A wounded German prisoner of war is led to a field hospital by a British orderly. The date and location of this photo are not known, but it would have been taken somewhere on the Western Front.
I think that this photograph really drives home the reality of trench warfare during World War 1. The German soldier is dressed in tattered, muddy clothes. His face is bloodied and bruised; his eyes are swollen to the point of being shut. His left arm is not in his sleeve; perhaps it is in a sling under his coat – hopefully he has not lost it.
But as much as this German soldier is in bad shape, he is one of the lucky ones. For him the war is over.
The HMS Audacious sank in 1914 but kept on sailing throughout most of the War as a phantom ship.
The HMS Audacious was a British battleship. It was launched in 1913 and had seen only about a year of active service, when world war 1 began. As part of a plan to get the fleet ready for combat, the Audacious and several other ships sailed to a position off of the coast of Ireland to conduct gunnery practice. Unfortunately the ship struck a German sea mine and began taking on water.
The Audacious attempted to steam towards land in order to beach itself so that it could later be refloated and repaired, but water flooded the engine rooms and stopped the ship. Other warships were dispatched to tow the battleship to shore but they did not arrive in time.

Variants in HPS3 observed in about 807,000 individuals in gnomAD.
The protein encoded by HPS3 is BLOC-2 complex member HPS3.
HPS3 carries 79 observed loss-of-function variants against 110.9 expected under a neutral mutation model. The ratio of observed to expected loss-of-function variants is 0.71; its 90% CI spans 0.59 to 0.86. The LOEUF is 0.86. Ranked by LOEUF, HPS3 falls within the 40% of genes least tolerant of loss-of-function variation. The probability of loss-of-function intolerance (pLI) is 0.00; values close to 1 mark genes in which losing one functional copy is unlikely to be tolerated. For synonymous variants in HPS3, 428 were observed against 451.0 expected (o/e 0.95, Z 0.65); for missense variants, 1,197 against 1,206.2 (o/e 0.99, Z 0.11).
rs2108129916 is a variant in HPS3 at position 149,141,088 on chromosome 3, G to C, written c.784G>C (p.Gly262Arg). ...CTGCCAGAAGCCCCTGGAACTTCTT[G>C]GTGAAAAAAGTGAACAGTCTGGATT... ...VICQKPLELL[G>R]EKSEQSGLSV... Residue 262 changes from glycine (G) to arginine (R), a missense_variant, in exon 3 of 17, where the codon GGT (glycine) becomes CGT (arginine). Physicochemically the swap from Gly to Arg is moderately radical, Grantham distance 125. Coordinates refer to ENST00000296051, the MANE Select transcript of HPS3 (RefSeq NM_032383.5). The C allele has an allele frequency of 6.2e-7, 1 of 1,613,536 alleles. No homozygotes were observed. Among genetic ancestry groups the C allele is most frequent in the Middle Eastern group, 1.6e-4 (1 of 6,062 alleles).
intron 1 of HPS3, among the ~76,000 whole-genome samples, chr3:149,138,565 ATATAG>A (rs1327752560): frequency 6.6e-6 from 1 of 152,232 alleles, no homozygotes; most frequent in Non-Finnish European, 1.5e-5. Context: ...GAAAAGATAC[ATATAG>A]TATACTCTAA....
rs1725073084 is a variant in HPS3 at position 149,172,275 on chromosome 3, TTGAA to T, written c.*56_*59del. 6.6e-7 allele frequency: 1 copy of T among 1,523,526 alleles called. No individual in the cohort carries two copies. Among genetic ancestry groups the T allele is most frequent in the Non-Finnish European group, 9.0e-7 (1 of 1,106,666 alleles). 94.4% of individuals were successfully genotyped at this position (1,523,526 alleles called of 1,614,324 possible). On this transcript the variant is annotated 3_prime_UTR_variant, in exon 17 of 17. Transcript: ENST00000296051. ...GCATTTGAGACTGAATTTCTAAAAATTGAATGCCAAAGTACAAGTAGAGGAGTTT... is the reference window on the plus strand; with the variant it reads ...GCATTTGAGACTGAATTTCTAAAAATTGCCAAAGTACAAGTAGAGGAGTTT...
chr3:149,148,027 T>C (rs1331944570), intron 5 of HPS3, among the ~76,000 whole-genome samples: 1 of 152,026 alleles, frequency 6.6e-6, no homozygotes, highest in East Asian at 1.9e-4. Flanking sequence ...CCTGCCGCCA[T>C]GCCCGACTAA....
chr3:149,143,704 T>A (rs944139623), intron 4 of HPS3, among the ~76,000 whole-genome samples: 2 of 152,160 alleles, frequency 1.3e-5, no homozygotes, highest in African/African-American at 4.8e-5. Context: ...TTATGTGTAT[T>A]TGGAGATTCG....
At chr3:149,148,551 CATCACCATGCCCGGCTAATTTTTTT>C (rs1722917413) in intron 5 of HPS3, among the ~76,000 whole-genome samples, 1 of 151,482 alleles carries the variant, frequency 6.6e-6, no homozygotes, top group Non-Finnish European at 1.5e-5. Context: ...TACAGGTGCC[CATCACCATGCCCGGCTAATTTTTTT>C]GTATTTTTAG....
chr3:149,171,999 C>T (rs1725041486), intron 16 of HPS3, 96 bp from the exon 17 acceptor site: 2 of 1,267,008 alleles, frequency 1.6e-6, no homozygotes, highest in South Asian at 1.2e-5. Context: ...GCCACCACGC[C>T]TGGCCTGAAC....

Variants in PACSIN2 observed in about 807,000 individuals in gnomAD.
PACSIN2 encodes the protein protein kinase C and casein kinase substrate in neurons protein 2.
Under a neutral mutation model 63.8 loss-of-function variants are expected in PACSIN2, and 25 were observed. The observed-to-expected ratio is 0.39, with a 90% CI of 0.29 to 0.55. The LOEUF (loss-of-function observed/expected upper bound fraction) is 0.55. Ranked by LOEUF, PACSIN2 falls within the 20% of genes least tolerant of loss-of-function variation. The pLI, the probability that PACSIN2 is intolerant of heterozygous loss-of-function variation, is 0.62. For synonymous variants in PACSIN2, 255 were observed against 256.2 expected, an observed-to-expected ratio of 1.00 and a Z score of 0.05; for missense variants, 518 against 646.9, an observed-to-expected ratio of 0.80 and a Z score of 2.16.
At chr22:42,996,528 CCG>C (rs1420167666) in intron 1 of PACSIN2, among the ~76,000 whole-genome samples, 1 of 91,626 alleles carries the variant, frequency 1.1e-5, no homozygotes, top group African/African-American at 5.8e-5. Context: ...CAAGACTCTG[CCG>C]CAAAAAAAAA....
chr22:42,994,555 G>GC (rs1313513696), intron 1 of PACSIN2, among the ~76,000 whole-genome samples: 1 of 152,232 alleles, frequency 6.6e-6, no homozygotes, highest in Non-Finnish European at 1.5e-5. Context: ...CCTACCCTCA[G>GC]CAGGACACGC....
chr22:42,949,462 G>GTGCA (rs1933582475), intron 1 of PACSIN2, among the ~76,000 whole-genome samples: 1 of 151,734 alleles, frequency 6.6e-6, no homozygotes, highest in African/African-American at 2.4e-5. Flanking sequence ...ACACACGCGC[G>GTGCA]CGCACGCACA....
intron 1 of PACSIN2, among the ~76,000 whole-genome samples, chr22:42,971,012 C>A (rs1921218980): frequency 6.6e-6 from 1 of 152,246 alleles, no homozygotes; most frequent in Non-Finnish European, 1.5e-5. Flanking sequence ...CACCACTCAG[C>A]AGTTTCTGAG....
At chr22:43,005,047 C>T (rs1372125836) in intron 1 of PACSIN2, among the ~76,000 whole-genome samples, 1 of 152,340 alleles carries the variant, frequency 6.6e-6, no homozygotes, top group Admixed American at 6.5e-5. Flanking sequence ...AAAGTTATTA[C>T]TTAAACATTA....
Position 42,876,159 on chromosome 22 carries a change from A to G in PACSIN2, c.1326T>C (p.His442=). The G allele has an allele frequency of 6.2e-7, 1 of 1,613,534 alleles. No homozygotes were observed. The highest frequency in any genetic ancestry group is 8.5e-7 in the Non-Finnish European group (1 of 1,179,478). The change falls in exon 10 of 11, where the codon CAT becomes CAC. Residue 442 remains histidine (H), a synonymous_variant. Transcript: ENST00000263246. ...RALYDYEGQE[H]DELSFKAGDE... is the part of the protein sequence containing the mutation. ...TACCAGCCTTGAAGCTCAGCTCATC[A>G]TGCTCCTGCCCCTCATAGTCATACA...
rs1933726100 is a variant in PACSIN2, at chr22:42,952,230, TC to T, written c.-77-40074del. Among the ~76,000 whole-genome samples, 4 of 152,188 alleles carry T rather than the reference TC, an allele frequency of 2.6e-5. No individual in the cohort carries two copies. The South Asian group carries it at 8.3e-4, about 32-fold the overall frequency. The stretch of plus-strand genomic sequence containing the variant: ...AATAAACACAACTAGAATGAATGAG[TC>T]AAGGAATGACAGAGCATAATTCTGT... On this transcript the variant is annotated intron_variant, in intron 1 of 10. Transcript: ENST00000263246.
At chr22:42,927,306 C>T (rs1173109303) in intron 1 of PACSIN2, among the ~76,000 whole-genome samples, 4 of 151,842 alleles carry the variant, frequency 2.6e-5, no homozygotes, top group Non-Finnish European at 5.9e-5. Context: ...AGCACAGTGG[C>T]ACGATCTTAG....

The ship sank October 27, 1914. It never saw action. But that did not stop the HMS Audacious from continuing to sail the seas for most of the War.
The loss of this newly built battleship was considered such a blow to the navy, that the Admiralty decided to keep it secret in order to deceive the Germans about the navy’s strength. For most of the rest of the war, the Audacious was listed on official reports and charts as participating in fictitious maneuvers and missions. The truth about the sinking of the Audacious was not officially revealed until three years later, in 1917.
This photograph shows the battleship sinking. It was taken from the deck of the Olympic, Titanic’s sister ship. The Olympic was one of the ships dispatched to rescue survivors.